Surprisingly, results of a new study on British papers show that readers devote more time to newsprint compared to digital versions.  Market performance was based on the time consumers spent on reading news on various channels.  Despite the notion of reduced consumption on print editions with the emergence of online and mobile versions, the study has proved that of the total amount spent on newspapers, 89% is being consumed on print.

The author of the new study, Neil Thurman a professor at Ludwig-Maximilians-Universitaet (LMU) in Munich based his analysis on information gathered by the British National Readership Surveys, and other market research firms.  Eleven leading UK daily papers were used in the surveys.  On average, reader engagement with printed editions takes 40 minutes a day while attention on online and mobile platforms does not take more than a minute. More details on this research are published in Journalism Studies.

A related study by Thurman in 2013 shows a synonymous trend over a four-year period. On time spent on newspapers, UK readers used at least 96% on the printed versions.  The study demonstrates how print editions manage to capture more audience attention than the online versions despite the sharp decline in daily paper circulation.  Although drop in newspaper sales has always been attributed to the rise of the Internet, other studies have indicated newswriting style and content as other contributory factors causing decrease in readership.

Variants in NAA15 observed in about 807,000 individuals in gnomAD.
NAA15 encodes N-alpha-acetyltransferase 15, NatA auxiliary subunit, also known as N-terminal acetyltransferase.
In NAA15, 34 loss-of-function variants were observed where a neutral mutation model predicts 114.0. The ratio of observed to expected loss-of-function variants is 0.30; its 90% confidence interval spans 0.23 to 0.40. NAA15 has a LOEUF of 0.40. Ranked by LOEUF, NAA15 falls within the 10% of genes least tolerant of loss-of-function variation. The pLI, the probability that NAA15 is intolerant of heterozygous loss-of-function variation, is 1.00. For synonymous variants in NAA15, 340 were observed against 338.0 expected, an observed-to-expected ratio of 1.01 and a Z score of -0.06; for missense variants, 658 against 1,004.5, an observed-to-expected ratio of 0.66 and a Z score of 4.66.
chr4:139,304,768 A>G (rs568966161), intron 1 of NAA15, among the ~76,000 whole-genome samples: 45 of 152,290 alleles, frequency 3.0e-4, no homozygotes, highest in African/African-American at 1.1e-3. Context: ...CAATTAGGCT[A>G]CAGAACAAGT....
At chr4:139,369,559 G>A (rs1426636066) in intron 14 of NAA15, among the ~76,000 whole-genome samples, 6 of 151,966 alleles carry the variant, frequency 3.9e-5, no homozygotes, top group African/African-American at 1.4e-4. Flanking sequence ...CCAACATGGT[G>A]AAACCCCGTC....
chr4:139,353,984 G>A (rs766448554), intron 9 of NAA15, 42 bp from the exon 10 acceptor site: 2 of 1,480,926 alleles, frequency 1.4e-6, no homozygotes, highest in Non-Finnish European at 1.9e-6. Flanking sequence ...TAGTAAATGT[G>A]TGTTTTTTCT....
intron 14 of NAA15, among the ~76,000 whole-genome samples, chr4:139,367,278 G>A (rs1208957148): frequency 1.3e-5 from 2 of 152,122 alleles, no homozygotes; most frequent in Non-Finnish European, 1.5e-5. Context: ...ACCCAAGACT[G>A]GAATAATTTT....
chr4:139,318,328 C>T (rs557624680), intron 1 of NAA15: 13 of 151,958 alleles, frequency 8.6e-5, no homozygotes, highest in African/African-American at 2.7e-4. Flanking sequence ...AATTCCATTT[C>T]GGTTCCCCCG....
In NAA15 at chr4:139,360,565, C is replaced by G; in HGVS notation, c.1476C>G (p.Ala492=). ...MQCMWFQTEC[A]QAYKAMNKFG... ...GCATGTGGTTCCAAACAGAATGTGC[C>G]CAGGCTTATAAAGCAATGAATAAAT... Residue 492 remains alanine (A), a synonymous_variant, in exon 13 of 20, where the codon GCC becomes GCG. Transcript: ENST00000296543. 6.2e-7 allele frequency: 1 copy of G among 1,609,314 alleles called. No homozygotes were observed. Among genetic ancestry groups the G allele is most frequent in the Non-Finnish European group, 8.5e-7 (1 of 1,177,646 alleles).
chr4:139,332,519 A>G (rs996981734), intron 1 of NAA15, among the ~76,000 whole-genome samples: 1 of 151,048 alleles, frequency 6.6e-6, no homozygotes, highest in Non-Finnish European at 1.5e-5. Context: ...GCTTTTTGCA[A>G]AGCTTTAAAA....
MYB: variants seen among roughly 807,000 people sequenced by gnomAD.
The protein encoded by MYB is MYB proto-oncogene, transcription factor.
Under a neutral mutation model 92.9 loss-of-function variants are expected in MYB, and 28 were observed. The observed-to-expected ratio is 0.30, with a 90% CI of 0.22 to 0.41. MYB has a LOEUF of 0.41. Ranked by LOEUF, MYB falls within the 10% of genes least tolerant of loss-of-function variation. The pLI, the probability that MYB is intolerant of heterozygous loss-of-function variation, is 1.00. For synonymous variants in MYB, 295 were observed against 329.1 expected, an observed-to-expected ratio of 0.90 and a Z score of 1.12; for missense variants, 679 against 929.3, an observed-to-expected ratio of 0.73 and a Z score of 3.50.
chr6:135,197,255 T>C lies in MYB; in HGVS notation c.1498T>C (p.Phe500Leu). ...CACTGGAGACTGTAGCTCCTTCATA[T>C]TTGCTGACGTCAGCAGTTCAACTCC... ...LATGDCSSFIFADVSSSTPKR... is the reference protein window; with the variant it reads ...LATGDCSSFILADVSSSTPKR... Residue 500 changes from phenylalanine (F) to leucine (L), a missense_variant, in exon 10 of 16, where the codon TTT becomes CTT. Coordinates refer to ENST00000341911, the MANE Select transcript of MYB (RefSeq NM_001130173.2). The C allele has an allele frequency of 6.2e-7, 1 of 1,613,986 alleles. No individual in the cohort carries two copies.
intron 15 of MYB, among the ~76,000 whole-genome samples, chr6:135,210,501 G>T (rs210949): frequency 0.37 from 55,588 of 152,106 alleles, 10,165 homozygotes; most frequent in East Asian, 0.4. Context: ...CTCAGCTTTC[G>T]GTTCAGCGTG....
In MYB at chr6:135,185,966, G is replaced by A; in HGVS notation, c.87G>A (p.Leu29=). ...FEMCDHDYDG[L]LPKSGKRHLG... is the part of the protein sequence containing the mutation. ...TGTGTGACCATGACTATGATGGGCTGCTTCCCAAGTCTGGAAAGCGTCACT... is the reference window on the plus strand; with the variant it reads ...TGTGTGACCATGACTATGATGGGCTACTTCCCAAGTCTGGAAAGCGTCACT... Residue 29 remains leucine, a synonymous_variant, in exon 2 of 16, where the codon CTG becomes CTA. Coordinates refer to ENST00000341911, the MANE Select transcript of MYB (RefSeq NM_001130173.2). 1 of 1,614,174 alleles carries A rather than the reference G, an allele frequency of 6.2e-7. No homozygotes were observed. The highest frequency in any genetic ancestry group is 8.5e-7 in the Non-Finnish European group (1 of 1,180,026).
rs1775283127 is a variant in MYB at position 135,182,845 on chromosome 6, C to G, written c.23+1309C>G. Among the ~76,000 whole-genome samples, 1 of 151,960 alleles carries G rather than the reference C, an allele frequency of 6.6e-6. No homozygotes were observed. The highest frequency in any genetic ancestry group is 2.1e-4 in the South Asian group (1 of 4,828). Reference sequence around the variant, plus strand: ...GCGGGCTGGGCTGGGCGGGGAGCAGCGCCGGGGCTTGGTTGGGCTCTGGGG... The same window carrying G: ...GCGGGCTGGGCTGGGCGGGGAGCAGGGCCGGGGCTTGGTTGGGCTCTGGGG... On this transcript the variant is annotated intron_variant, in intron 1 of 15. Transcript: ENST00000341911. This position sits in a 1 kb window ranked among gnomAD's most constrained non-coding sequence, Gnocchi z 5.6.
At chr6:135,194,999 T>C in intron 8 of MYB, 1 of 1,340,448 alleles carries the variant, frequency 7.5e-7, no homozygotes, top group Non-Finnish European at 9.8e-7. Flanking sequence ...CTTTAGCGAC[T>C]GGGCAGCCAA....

Publishers can improve both newsprint and online journalism to ensure that these platforms remain engaging to their audiences.  Consumer behaviour towards news can be likely influenced by important changes in society or world events that affect them in many ways. With continuous studies on trends in readership, publishing companies will be guided on how to sustain competition in this industry.





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